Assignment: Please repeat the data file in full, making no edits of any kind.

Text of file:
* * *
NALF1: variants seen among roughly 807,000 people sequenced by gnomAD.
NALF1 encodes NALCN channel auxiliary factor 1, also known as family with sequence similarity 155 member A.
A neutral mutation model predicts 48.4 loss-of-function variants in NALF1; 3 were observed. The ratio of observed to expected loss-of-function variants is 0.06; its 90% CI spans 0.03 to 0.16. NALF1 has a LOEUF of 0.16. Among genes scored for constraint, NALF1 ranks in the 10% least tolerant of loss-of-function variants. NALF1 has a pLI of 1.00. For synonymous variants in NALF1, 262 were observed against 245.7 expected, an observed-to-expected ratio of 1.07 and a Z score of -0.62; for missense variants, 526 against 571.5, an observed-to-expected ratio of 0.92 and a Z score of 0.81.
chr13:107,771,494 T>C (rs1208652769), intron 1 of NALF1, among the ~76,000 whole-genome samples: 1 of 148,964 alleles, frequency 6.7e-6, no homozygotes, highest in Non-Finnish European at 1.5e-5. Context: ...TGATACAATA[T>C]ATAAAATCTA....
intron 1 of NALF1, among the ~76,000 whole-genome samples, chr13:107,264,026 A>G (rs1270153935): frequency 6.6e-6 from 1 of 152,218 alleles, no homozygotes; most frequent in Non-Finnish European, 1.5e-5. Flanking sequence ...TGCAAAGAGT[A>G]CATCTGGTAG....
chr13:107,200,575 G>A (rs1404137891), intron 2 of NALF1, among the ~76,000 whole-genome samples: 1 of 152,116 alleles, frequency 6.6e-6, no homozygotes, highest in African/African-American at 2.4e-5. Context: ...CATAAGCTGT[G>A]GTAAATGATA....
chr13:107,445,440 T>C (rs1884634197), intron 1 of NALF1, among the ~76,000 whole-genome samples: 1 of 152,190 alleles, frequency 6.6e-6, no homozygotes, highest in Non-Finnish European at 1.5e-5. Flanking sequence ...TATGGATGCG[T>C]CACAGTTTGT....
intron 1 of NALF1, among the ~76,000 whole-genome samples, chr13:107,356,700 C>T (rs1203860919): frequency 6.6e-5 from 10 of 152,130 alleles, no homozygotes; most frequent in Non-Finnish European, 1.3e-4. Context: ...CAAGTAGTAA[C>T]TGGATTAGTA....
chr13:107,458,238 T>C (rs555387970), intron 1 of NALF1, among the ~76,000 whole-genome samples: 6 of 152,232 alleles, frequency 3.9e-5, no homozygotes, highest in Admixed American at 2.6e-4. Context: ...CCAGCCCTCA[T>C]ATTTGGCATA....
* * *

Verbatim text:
NALF1: variants seen among roughly 807,000 people sequenced by gnomAD.
NALF1 encodes NALCN channel auxiliary factor 1, also known as family with sequence similarity 155 member A.
A neutral mutation model predicts 48.4 loss-of-function variants in NALF1; 3 were observed. The ratio of observed to expected loss-of-function variants is 0.06; its 90% CI spans 0.03 to 0.16. NALF1 has a LOEUF of 0.16. Among genes scored for constraint, NALF1 ranks in the 10% least tolerant of loss-of-function variants. NALF1 has a pLI of 1.00. For synonymous variants in NALF1, 262 were observed against 245.7 expected, an observed-to-expected ratio of 1.07 and a Z score of -0.62; for missense variants, 526 against 571.5, an observed-to-expected ratio of 0.92 and a Z score of 0.81.
chr13:107,771,494 T>C (rs1208652769), intron 1 of NALF1, among the ~76,000 whole-genome samples: 1 of 148,964 alleles, frequency 6.7e-6, no homozygotes, highest in Non-Finnish European at 1.5e-5. Context: ...TGATACAATA[T>C]ATAAAATCTA....
intron 1 of NALF1, among the ~76,000 whole-genome samples, chr13:107,264,026 A>G (rs1270153935): frequency 6.6e-6 from 1 of 152,218 alleles, no homozygotes; most frequent in Non-Finnish European, 1.5e-5. Flanking sequence ...TGCAAAGAGT[A>G]CATCTGGTAG....
chr13:107,200,575 G>A (rs1404137891), intron 2 of NALF1, among the ~76,000 whole-genome samples: 1 of 152,116 alleles, frequency 6.6e-6, no homozygotes, highest in African/African-American at 2.4e-5. Context: ...CATAAGCTGT[G>A]GTAAATGATA....
chr13:107,445,440 T>C (rs1884634197), intron 1 of NALF1, among the ~76,000 whole-genome samples: 1 of 152,190 alleles, frequency 6.6e-6, no homozygotes, highest in Non-Finnish European at 1.5e-5. Flanking sequence ...TATGGATGCG[T>C]CACAGTTTGT....
intron 1 of NALF1, among the ~76,000 whole-genome samples, chr13:107,356,700 C>T (rs1203860919): frequency 6.6e-5 from 10 of 152,130 alleles, no homozygotes; most frequent in Non-Finnish European, 1.3e-4. Context: ...CAAGTAGTAA[C>T]TGGATTAGTA....
chr13:107,458,238 T>C (rs555387970), intron 1 of NALF1, among the ~76,000 whole-genome samples: 6 of 152,232 alleles, frequency 3.9e-5, no homozygotes, highest in Admixed American at 2.6e-4. Context: ...CCAGCCCTCA[T>C]ATTTGGCATA....